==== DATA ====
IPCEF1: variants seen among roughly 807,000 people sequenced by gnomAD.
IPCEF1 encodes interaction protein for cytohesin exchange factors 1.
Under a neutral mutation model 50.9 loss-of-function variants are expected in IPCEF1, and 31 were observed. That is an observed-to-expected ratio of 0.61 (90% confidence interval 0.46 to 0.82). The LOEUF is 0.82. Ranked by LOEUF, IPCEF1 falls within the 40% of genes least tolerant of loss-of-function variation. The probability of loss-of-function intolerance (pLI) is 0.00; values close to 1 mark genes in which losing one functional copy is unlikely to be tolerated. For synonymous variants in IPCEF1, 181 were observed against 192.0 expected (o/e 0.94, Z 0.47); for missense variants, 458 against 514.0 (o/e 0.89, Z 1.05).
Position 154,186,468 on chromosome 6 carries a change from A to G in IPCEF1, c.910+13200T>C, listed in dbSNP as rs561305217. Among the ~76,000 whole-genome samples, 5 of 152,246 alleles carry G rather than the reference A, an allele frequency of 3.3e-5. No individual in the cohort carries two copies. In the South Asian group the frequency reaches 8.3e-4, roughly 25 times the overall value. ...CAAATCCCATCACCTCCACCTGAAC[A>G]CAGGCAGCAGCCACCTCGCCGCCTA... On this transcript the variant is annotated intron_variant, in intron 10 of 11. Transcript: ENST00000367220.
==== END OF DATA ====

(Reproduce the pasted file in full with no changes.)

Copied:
IPCEF1: variants seen among roughly 807,000 people sequenced by gnomAD.
IPCEF1 encodes interaction protein for cytohesin exchange factors 1.
Under a neutral mutation model 50.9 loss-of-function variants are expected in IPCEF1, and 31 were observed. That is an observed-to-expected ratio of 0.61 (90% confidence interval 0.46 to 0.82). The LOEUF is 0.82. Ranked by LOEUF, IPCEF1 falls within the 40% of genes least tolerant of loss-of-function variation. The probability of loss-of-function intolerance (pLI) is 0.00; values close to 1 mark genes in which losing one functional copy is unlikely to be tolerated. For synonymous variants in IPCEF1, 181 were observed against 192.0 expected (o/e 0.94, Z 0.47); for missense variants, 458 against 514.0 (o/e 0.89, Z 1.05).
Position 154,186,468 on chromosome 6 carries a change from A to G in IPCEF1, c.910+13200T>C, listed in dbSNP as rs561305217. Among the ~76,000 whole-genome samples, 5 of 152,246 alleles carry G rather than the reference A, an allele frequency of 3.3e-5. No individual in the cohort carries two copies. In the South Asian group the frequency reaches 8.3e-4, roughly 25 times the overall value. ...CAAATCCCATCACCTCCACCTGAAC[A>G]CAGGCAGCAGCCACCTCGCCGCCTA... On this transcript the variant is annotated intron_variant, in intron 10 of 11. Transcript: ENST00000367220.